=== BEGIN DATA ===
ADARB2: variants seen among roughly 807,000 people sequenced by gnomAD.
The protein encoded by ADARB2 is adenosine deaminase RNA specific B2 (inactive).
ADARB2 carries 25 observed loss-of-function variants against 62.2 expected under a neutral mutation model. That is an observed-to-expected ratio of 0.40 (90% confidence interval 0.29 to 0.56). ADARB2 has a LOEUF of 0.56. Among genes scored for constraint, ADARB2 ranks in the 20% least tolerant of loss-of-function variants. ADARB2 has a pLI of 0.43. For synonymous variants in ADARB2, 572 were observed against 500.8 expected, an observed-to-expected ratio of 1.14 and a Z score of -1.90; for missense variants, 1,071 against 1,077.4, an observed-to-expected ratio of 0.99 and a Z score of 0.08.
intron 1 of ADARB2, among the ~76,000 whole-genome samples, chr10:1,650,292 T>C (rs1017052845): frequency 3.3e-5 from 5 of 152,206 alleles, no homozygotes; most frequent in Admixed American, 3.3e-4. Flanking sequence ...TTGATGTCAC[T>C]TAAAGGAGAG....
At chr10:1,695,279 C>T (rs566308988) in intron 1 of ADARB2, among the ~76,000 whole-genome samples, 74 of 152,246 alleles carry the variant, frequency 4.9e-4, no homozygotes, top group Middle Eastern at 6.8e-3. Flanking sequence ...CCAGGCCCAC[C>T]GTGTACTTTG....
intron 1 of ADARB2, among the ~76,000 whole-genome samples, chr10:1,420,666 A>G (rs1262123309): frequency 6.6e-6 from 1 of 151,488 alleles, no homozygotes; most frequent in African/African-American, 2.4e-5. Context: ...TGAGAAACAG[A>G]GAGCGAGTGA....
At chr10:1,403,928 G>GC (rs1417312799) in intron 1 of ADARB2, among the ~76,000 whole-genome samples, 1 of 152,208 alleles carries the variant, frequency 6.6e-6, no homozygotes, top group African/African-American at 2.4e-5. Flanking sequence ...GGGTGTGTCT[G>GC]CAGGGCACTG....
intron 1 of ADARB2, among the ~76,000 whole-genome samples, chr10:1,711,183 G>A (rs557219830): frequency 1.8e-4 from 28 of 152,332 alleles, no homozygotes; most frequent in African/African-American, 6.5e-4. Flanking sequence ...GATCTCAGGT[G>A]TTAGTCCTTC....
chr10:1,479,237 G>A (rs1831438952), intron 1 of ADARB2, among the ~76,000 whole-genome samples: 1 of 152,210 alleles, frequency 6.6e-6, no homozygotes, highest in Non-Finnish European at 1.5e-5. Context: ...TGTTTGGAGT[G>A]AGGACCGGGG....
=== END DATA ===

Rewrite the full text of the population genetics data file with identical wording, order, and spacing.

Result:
ADARB2: variants seen among roughly 807,000 people sequenced by gnomAD.
The protein encoded by ADARB2 is adenosine deaminase RNA specific B2 (inactive).
ADARB2 carries 25 observed loss-of-function variants against 62.2 expected under a neutral mutation model. That is an observed-to-expected ratio of 0.40 (90% confidence interval 0.29 to 0.56). ADARB2 has a LOEUF of 0.56. Among genes scored for constraint, ADARB2 ranks in the 20% least tolerant of loss-of-function variants. ADARB2 has a pLI of 0.43. For synonymous variants in ADARB2, 572 were observed against 500.8 expected, an observed-to-expected ratio of 1.14 and a Z score of -1.90; for missense variants, 1,071 against 1,077.4, an observed-to-expected ratio of 0.99 and a Z score of 0.08.
intron 1 of ADARB2, among the ~76,000 whole-genome samples, chr10:1,650,292 T>C (rs1017052845): frequency 3.3e-5 from 5 of 152,206 alleles, no homozygotes; most frequent in Admixed American, 3.3e-4. Flanking sequence ...TTGATGTCAC[T>C]TAAAGGAGAG....
At chr10:1,695,279 C>T (rs566308988) in intron 1 of ADARB2, among the ~76,000 whole-genome samples, 74 of 152,246 alleles carry the variant, frequency 4.9e-4, no homozygotes, top group Middle Eastern at 6.8e-3. Flanking sequence ...CCAGGCCCAC[C>T]GTGTACTTTG....
intron 1 of ADARB2, among the ~76,000 whole-genome samples, chr10:1,420,666 A>G (rs1262123309): frequency 6.6e-6 from 1 of 151,488 alleles, no homozygotes; most frequent in African/African-American, 2.4e-5. Context: ...TGAGAAACAG[A>G]GAGCGAGTGA....
At chr10:1,403,928 G>GC (rs1417312799) in intron 1 of ADARB2, among the ~76,000 whole-genome samples, 1 of 152,208 alleles carries the variant, frequency 6.6e-6, no homozygotes, top group African/African-American at 2.4e-5. Flanking sequence ...GGGTGTGTCT[G>GC]CAGGGCACTG....
intron 1 of ADARB2, among the ~76,000 whole-genome samples, chr10:1,711,183 G>A (rs557219830): frequency 1.8e-4 from 28 of 152,332 alleles, no homozygotes; most frequent in African/African-American, 6.5e-4. Flanking sequence ...GATCTCAGGT[G>A]TTAGTCCTTC....
chr10:1,479,237 G>A (rs1831438952), intron 1 of ADARB2, among the ~76,000 whole-genome samples: 1 of 152,210 alleles, frequency 6.6e-6, no homozygotes, highest in Non-Finnish European at 1.5e-5. Context: ...TGTTTGGAGT[G>A]AGGACCGGGG....